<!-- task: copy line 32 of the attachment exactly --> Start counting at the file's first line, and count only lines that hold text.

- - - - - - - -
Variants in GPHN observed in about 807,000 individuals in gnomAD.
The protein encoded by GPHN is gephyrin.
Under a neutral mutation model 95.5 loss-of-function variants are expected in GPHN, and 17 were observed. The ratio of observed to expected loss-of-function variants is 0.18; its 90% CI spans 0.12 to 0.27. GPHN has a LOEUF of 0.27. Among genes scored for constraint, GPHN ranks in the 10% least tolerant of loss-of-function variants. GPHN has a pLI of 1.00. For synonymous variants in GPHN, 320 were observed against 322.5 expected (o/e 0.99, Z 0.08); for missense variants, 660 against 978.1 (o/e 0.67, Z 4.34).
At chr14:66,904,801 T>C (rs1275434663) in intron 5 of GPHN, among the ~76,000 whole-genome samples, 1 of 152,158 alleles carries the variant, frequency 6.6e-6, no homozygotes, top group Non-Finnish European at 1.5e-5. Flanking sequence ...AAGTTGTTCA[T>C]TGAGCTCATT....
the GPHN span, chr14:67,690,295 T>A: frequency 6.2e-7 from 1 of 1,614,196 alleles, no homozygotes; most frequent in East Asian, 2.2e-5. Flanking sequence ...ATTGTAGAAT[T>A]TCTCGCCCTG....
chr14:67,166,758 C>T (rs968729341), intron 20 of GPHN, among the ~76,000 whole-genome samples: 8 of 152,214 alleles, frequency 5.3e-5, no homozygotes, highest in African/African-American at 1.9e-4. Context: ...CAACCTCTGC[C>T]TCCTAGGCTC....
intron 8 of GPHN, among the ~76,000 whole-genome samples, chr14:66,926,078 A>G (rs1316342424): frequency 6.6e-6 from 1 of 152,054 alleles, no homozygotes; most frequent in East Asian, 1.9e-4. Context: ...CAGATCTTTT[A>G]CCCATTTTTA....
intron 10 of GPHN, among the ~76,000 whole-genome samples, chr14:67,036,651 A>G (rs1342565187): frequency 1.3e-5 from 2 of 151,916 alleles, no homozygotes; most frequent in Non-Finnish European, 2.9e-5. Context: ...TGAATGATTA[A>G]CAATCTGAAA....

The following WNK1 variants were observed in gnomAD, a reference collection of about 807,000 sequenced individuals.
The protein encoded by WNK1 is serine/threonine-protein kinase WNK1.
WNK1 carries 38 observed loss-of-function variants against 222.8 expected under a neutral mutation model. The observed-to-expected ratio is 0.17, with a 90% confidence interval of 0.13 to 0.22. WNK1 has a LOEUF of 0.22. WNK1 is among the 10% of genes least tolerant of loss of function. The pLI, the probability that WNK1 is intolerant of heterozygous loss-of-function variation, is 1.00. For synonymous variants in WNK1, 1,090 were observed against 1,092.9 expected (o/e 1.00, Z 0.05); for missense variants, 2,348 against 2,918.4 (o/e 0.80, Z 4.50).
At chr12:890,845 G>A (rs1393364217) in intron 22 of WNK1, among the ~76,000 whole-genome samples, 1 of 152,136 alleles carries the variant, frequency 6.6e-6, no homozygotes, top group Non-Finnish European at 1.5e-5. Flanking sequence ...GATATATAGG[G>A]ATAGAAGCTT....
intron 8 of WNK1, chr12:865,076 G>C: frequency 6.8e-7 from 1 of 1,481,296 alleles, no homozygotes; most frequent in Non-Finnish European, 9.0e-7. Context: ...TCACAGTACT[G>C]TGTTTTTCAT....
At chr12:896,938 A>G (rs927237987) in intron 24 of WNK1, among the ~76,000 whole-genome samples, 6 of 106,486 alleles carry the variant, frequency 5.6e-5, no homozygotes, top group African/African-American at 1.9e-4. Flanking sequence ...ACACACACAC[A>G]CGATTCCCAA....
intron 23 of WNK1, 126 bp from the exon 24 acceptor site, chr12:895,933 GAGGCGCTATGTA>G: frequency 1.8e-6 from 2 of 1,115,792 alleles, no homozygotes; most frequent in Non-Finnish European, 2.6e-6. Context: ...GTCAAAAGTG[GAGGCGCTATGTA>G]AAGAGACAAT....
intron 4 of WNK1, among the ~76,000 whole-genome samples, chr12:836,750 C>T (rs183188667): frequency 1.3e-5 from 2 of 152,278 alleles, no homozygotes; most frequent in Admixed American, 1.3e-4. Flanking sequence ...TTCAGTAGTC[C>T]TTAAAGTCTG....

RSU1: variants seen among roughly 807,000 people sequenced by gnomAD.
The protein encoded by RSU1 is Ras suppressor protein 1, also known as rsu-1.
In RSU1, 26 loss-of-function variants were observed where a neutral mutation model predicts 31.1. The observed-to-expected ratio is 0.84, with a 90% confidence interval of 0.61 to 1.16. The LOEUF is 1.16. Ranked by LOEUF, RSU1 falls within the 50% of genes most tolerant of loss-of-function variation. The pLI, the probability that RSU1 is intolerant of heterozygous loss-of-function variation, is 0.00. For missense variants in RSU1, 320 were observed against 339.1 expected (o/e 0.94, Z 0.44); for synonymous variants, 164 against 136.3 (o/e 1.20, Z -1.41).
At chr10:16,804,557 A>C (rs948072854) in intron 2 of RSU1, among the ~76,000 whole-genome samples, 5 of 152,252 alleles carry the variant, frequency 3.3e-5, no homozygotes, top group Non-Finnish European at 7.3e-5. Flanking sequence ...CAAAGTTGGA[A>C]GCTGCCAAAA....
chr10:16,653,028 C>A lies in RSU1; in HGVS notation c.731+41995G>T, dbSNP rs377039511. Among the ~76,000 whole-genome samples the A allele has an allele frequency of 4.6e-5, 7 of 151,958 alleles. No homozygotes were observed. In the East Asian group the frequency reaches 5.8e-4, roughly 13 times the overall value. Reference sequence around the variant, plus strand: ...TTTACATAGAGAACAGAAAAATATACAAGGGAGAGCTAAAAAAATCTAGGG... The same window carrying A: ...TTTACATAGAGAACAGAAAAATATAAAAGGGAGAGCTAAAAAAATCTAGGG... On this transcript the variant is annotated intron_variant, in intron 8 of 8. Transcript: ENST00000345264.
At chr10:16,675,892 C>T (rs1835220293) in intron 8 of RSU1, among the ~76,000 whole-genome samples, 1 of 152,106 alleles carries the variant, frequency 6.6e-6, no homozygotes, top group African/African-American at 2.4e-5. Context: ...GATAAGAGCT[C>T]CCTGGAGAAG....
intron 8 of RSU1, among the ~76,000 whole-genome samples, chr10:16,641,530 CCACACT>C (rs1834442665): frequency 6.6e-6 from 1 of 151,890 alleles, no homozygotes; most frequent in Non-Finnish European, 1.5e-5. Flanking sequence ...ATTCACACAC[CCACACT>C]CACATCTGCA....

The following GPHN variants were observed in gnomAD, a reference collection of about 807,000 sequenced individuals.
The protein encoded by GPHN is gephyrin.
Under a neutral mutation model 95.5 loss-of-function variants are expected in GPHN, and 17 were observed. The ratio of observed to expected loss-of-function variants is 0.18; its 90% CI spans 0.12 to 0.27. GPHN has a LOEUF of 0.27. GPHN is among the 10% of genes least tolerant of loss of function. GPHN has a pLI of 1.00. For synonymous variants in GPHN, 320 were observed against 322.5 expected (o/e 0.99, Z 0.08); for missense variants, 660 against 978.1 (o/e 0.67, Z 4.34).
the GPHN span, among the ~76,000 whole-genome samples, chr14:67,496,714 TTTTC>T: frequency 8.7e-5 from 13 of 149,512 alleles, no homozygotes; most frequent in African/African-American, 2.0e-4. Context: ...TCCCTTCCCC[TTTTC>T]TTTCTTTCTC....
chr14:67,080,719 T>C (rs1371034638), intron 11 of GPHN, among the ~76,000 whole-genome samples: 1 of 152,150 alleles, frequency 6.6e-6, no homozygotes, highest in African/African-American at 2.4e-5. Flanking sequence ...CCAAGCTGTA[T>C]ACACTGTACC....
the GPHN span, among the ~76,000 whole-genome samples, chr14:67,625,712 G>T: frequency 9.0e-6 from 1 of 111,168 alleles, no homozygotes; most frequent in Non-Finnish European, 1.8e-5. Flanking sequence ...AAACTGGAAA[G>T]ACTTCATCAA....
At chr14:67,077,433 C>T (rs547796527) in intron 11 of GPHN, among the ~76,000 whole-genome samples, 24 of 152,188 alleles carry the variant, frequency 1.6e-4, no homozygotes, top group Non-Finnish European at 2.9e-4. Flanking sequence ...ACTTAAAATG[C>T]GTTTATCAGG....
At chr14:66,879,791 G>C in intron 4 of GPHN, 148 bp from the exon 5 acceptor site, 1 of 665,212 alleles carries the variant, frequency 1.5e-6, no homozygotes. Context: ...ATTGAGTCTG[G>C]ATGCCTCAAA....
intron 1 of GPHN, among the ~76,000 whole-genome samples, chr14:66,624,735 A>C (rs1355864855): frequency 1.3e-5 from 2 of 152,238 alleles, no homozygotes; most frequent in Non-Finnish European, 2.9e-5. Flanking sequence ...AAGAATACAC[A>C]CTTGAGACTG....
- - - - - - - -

intron 1 of GPHN, among the ~76,000 whole-genome samples, chr14:66,624,735 A>C (rs1355864855): frequency 1.3e-5 from 2 of 152,238 alleles, no homozygotes; most frequent in Non-Finnish European, 2.9e-5. Flanking sequence ...AAGAATACAC[A>C]CTTGAGACTG....